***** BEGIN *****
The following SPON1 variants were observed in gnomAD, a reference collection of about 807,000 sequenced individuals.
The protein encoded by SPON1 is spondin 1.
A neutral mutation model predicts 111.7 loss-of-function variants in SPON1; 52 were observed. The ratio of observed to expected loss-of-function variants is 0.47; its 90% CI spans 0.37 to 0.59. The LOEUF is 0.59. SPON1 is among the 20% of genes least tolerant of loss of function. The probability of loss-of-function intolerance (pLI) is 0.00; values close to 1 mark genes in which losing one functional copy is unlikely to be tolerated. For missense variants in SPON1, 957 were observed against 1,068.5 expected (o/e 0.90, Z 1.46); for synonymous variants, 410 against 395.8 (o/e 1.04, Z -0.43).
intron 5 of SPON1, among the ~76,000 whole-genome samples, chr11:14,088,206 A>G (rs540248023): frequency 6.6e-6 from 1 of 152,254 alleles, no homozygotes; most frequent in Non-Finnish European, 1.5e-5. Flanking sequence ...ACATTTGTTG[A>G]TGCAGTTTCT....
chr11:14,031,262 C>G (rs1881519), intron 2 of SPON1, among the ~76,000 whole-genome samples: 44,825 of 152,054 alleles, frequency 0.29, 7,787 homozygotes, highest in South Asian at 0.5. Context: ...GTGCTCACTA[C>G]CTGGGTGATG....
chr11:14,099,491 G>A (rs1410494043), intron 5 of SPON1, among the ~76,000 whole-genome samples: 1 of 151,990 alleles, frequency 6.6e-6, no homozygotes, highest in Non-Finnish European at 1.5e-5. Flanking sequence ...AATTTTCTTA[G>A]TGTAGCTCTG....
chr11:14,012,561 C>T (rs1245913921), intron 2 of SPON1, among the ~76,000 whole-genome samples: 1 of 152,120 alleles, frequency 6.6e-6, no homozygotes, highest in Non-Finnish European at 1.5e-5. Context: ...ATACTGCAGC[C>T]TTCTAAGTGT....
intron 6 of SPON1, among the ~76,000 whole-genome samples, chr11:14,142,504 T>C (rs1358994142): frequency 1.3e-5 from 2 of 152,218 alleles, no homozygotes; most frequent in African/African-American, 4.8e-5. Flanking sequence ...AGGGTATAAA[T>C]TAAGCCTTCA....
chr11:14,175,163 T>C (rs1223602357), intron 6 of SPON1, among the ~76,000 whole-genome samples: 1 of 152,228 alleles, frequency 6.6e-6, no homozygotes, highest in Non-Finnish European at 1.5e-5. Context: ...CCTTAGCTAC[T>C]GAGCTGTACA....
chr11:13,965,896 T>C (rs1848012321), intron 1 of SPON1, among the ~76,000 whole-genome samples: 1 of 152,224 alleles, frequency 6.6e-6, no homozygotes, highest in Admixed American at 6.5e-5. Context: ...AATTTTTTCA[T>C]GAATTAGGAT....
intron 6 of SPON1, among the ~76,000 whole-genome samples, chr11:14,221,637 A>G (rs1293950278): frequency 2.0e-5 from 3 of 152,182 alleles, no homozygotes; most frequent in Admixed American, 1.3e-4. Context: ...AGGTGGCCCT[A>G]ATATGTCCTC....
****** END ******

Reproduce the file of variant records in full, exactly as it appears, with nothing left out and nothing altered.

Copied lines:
The following SPON1 variants were observed in gnomAD, a reference collection of about 807,000 sequenced individuals.
The protein encoded by SPON1 is spondin 1.
A neutral mutation model predicts 111.7 loss-of-function variants in SPON1; 52 were observed. The ratio of observed to expected loss-of-function variants is 0.47; its 90% CI spans 0.37 to 0.59. The LOEUF is 0.59. SPON1 is among the 20% of genes least tolerant of loss of function. The probability of loss-of-function intolerance (pLI) is 0.00; values close to 1 mark genes in which losing one functional copy is unlikely to be tolerated. For missense variants in SPON1, 957 were observed against 1,068.5 expected (o/e 0.90, Z 1.46); for synonymous variants, 410 against 395.8 (o/e 1.04, Z -0.43).
intron 5 of SPON1, among the ~76,000 whole-genome samples, chr11:14,088,206 A>G (rs540248023): frequency 6.6e-6 from 1 of 152,254 alleles, no homozygotes; most frequent in Non-Finnish European, 1.5e-5. Flanking sequence ...ACATTTGTTG[A>G]TGCAGTTTCT....
chr11:14,031,262 C>G (rs1881519), intron 2 of SPON1, among the ~76,000 whole-genome samples: 44,825 of 152,054 alleles, frequency 0.29, 7,787 homozygotes, highest in South Asian at 0.5. Context: ...GTGCTCACTA[C>G]CTGGGTGATG....
chr11:14,099,491 G>A (rs1410494043), intron 5 of SPON1, among the ~76,000 whole-genome samples: 1 of 151,990 alleles, frequency 6.6e-6, no homozygotes, highest in Non-Finnish European at 1.5e-5. Flanking sequence ...AATTTTCTTA[G>A]TGTAGCTCTG....
chr11:14,012,561 C>T (rs1245913921), intron 2 of SPON1, among the ~76,000 whole-genome samples: 1 of 152,120 alleles, frequency 6.6e-6, no homozygotes, highest in Non-Finnish European at 1.5e-5. Context: ...ATACTGCAGC[C>T]TTCTAAGTGT....
intron 6 of SPON1, among the ~76,000 whole-genome samples, chr11:14,142,504 T>C (rs1358994142): frequency 1.3e-5 from 2 of 152,218 alleles, no homozygotes; most frequent in African/African-American, 4.8e-5. Flanking sequence ...AGGGTATAAA[T>C]TAAGCCTTCA....
chr11:14,175,163 T>C (rs1223602357), intron 6 of SPON1, among the ~76,000 whole-genome samples: 1 of 152,228 alleles, frequency 6.6e-6, no homozygotes, highest in Non-Finnish European at 1.5e-5. Context: ...CCTTAGCTAC[T>C]GAGCTGTACA....
chr11:13,965,896 T>C (rs1848012321), intron 1 of SPON1, among the ~76,000 whole-genome samples: 1 of 152,224 alleles, frequency 6.6e-6, no homozygotes, highest in Admixed American at 6.5e-5. Context: ...AATTTTTTCA[T>C]GAATTAGGAT....
intron 6 of SPON1, among the ~76,000 whole-genome samples, chr11:14,221,637 A>G (rs1293950278): frequency 2.0e-5 from 3 of 152,182 alleles, no homozygotes; most frequent in Admixed American, 1.3e-4. Context: ...AGGTGGCCCT[A>G]ATATGTCCTC....